In My Meditation Today: I noticed how a part of me was forever seeking validation from the outside – constantly seeking assurances from everyone that I was ok – that I was worthy of being loved and admired. I decided to turn that search for validation inward and validate myself every time I noticed myself looking outward. I am more than OK; I am an amazing human being who deserves to be loved and cherished. Most importantly – I validate myself.

The Grand Story of the Divine Mother is told in three parts. Each part describes a battle between good and evil. The forces of good and evil are interpreted as external to us. However, a more useful interpretation is that it represents the battle between my basest instincts and my highest potential. The battles are bloody and gory because the fight to live, always expressing your highest potential, is brutal, ugly, and metaphorically bloody and gory.       

Chapter 5. The Devas find themselves in a familiar situation in the fifth chapter of the Grand Story of the Divine Mother. The demons Shumbha and Nishumbha and their armies have taken over their kingdoms and driven the demi-gods out. Dispossessed and desperate, the Gods remembered the Divine Mother’s promise to respond to a request for help. They traveled to the foothills of the Himalayas to pray to her.


The hymn that follows is one of the most significant sections of the myth for me. It is the most explicit description of the presence of the Devi in all that we see and experience in the world. 

“Ohh Devi, who exists in every living being as sleep and awareness; hunger and thirst; shadow and light; abundance and misery; intelligence and the confusion that causes errors; power and humility.

Our bodies bow to you; our minds bow to you; our soul bows to you.

You are everything that is manifest physically, emotionally, and spiritually .” 

As the Devas finish praising her, Durga, in all her Glory, emerges out of the body of Parvati  & says – they are praising me  & I will kill Shumbha & Nishumbha.  Then this supremely beautiful feminine form waits in the foothills of the Himalayas, calm & at peace, swinging on a beautiful swing &  waiting for Shumbha & Nishumbha’s generals to come & start the fight that signals their downfall.


Her radiance and beauty are irresistible, and Chanda & Munda – Shumbha & Nishumbha’s servants who are passing by are dazzled by her beauty. They tell their Masters about this most beautiful example of womanhood and urge Shumbha and Nishumbha to add her to their collection of superlative objects.

Intrigued by the description of this unsurpassed beauty, the demon kings send a messenger to invite Devi to their kingdom to marry one of them.

Sugriva, the messenger, approaches the Devi. He starts with a description of his Master’s wealth and prowess and ends his message with the invitation from Shumbha to marry one of the kings.

Devi responds, “ Everything you say about Shumbha and his brother is true, but I am afraid I cannot accept the invitation yet. You see, in my youthful foolishness, I promised that I would only marry the man who defeats me in battle. So they must face me in battle before I can marry Shumbha or Nishumbha.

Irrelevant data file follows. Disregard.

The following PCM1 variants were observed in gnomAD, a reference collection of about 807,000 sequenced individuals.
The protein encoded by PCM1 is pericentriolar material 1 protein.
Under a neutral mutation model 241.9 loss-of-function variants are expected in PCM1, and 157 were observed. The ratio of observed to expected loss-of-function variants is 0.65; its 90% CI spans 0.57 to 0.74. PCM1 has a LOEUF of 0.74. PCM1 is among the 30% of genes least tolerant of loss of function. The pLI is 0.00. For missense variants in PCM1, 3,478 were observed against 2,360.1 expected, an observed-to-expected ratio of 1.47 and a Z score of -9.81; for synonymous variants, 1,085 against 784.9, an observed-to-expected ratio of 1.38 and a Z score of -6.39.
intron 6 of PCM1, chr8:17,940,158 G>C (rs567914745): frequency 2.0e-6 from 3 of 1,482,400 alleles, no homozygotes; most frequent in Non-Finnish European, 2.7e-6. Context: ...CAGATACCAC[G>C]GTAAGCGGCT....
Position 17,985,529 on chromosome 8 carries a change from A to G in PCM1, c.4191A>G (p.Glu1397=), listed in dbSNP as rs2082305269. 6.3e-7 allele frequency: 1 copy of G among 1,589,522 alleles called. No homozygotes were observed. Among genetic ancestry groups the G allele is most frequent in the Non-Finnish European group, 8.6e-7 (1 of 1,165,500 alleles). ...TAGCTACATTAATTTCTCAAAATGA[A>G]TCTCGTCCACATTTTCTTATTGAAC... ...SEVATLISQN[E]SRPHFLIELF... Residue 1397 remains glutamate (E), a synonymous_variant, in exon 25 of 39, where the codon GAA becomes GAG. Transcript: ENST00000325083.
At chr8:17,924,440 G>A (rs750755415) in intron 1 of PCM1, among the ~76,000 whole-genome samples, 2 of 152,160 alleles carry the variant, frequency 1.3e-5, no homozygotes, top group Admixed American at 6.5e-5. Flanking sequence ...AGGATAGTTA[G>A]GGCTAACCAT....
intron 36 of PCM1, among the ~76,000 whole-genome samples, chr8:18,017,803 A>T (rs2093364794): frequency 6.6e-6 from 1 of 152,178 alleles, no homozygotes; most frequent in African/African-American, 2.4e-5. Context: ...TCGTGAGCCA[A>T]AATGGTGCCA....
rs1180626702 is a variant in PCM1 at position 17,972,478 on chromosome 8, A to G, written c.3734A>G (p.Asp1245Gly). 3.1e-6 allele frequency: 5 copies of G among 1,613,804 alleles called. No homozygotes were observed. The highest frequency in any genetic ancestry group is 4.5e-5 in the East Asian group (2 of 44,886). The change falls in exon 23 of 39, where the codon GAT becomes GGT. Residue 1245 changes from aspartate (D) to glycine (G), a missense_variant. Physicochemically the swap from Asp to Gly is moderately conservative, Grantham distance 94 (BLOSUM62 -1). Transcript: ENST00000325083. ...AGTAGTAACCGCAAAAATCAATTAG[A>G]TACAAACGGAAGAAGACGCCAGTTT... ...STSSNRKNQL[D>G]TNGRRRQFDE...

Astounded by the temerity of a “mere woman” challenging his masters to battle, let alone suggesting that they might lose to her, Sugriva threatens to drag Devi off by her hair. Unperturbed, Devi reiterates the fact that she cannot break her vow. Anyone who wants to marry her must defeat her in battle. The chapter ends with Sugriva stomping off in a rage after uttering several threats to Devi.

I LOVE this part of the myth at so many levels.

In the first place, there is the reiteration of the truth that the Divine Mother manifests as all our experiences. There is thus no experience or emotion in life that is to be pushed away or rejected as inferior or bad,

Then, there is a clear demonstration of the objectification of women in Chanda & Munda’s description of the most beautiful woman in the three worlds.

Finally, there is the perfect response to the objectification in the delicious conversation between Sugriva & Devi – an excellent example of a woman who is so confident about her worth and herself that she has no qualms in clearly stating the price for winning her over.

This depiction of a female protagonist is one of the many reasons I fell in love with the Grand Story of the Divine Mother. In many ways, it is the complete antithesis of the myths that most young Indian girls grow up hearing and being encouraged to emulate.

Seeta, the heroine in Ramayana – the mythological character most often cited as the role model for a Hindu wife, is shy, docile, needy, and completely powerless. Her biggest virtue is her chastity and loyalty to her husband. She is a safe and non-threatening role model. Even though she is an incarnation of the Goddess Lakshmi, she is never depicted as a woman who wields the power of the Goddess.

It is a small wonder that Seeta is held up in Hindu households as the ideal wife. It is a model that will not upset the status quo and allow the patriarchy to go unchecked.

On the other hand, the heroine of this myth is powerful, purposeful, and focused. Devi knows her value; she understands her power; she is clear about her purpose and never wavers from it. She does not look to the outside world for validation; she does not need it; she is complete in herself.

After years of unconsciously seeking to be a Seeta, I know I am well on the way to becoming a Durga when I begin to understand that I am amazing and deserve not only to be loved but to be cherished. It is especially clear when I know I do not need anyone else to do it for me.

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